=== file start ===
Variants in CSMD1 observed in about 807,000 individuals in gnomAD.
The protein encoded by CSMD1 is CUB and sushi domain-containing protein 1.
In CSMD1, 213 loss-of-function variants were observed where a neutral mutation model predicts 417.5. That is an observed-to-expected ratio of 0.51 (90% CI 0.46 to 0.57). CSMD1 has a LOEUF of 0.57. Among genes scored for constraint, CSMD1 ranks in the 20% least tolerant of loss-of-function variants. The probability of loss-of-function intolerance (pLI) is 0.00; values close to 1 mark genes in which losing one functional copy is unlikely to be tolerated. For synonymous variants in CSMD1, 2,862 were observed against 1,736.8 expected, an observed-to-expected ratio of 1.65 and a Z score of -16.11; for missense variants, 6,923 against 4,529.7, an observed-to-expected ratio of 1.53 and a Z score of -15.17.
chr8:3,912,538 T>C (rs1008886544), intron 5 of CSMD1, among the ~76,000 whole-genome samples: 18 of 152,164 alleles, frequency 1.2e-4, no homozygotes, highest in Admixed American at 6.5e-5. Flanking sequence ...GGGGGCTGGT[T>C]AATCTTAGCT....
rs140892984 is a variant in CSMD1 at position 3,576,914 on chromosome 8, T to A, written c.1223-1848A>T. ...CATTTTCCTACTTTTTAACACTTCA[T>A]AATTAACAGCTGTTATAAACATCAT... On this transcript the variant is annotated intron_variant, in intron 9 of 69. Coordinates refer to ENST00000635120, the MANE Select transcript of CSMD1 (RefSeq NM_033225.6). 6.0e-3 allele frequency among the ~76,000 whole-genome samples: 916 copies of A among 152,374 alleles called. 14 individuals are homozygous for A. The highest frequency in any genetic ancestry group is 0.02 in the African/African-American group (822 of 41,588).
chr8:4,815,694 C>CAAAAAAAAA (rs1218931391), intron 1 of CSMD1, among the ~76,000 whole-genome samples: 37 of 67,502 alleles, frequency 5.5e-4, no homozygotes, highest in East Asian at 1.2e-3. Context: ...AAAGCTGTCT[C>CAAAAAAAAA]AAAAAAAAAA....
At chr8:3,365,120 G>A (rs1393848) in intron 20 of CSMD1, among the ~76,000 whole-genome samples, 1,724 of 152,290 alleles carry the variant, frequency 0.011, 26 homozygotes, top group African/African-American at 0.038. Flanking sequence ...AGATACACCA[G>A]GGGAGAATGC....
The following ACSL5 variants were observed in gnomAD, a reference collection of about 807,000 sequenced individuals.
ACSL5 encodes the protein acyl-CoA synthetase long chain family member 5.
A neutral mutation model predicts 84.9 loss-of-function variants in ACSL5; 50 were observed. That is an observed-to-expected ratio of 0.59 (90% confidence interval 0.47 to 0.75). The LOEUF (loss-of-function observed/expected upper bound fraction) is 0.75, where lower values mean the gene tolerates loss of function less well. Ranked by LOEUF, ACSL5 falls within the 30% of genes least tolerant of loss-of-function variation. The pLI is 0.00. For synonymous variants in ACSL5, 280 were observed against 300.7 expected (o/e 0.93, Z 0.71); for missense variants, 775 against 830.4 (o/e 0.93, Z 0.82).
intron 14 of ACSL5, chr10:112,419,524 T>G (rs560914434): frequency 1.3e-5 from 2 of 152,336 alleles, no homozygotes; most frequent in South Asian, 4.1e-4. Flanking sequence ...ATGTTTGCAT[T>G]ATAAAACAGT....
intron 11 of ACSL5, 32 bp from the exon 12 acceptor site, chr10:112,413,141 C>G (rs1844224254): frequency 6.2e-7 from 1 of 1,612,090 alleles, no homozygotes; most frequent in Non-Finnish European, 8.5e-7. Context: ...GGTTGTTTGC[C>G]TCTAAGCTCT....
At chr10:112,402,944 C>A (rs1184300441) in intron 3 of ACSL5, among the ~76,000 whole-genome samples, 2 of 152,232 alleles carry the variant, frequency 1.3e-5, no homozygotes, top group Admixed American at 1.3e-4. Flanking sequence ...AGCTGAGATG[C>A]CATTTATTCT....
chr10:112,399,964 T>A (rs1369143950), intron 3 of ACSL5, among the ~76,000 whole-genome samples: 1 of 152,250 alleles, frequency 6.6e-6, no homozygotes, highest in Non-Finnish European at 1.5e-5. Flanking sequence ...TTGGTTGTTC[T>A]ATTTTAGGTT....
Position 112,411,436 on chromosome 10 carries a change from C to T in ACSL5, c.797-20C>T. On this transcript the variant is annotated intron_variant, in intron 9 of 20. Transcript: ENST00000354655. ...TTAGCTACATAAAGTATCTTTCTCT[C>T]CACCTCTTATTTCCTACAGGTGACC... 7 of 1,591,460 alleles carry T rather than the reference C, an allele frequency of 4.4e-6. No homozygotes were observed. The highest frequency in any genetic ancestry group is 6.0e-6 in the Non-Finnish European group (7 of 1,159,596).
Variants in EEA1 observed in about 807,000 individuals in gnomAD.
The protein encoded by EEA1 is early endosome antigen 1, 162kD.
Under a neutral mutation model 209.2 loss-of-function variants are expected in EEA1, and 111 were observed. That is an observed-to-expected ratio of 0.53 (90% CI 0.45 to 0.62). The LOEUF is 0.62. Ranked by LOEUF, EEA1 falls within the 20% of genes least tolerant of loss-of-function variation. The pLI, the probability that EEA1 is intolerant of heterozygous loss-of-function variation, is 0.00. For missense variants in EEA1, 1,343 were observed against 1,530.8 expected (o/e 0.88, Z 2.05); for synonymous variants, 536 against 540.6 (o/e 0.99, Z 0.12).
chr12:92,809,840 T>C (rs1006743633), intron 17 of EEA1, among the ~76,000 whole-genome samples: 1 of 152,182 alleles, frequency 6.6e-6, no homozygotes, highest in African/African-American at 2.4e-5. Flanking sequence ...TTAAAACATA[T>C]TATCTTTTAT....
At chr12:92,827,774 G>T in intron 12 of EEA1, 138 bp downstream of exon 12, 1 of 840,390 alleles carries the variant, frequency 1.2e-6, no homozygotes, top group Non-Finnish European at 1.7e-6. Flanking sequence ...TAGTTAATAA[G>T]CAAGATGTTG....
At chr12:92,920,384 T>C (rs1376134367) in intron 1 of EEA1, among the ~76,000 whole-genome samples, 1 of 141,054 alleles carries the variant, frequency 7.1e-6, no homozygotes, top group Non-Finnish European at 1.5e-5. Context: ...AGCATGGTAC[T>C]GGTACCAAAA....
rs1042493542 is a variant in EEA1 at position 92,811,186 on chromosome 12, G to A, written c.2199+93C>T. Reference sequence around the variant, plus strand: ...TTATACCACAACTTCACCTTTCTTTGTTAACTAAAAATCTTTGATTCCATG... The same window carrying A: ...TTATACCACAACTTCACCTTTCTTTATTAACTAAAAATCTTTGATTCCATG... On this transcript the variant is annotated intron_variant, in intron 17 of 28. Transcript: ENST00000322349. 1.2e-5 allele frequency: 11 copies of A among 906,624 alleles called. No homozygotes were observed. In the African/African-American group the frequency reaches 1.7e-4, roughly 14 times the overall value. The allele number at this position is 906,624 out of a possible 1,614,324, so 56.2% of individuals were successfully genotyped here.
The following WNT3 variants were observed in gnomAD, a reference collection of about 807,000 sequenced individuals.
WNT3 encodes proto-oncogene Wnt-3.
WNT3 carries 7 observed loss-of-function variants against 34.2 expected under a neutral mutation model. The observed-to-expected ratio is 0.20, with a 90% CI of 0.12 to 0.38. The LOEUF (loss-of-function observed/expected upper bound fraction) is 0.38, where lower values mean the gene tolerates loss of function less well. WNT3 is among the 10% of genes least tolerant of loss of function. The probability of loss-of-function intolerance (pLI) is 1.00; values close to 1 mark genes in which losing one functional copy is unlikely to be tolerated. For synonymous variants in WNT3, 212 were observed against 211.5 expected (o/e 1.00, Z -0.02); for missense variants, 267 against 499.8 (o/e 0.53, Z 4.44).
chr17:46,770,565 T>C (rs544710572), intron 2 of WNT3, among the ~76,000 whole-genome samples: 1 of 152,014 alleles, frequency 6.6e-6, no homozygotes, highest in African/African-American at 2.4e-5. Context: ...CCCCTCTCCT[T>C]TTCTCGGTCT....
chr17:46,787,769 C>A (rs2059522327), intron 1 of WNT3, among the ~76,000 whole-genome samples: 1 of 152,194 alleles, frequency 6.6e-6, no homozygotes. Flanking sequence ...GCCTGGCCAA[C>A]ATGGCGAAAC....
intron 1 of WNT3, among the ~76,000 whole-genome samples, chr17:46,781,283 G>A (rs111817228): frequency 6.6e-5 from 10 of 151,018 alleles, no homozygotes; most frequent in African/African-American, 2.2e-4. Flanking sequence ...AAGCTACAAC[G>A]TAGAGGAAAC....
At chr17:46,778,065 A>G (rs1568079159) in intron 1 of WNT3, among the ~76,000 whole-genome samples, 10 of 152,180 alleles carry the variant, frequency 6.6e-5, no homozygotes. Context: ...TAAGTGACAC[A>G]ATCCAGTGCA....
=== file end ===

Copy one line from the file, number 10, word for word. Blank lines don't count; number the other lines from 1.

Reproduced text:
A neutral mutation model predicts 84.9 loss-of-function variants in ACSL5; 50 were observed. That is an observed-to-expected ratio of 0.59 (90% confidence interval 0.47 to 0.75). The LOEUF (loss-of-function observed/expected upper bound fraction) is 0.75, where lower values mean the gene tolerates loss of function less well. Ranked by LOEUF, ACSL5 falls within the 30% of genes least tolerant of loss-of-function variation. The pLI is 0.00. For synonymous variants in ACSL5, 280 were observed against 300.7 expected (o/e 0.93, Z 0.71); for missense variants, 775 against 830.4 (o/e 0.93, Z 0.82).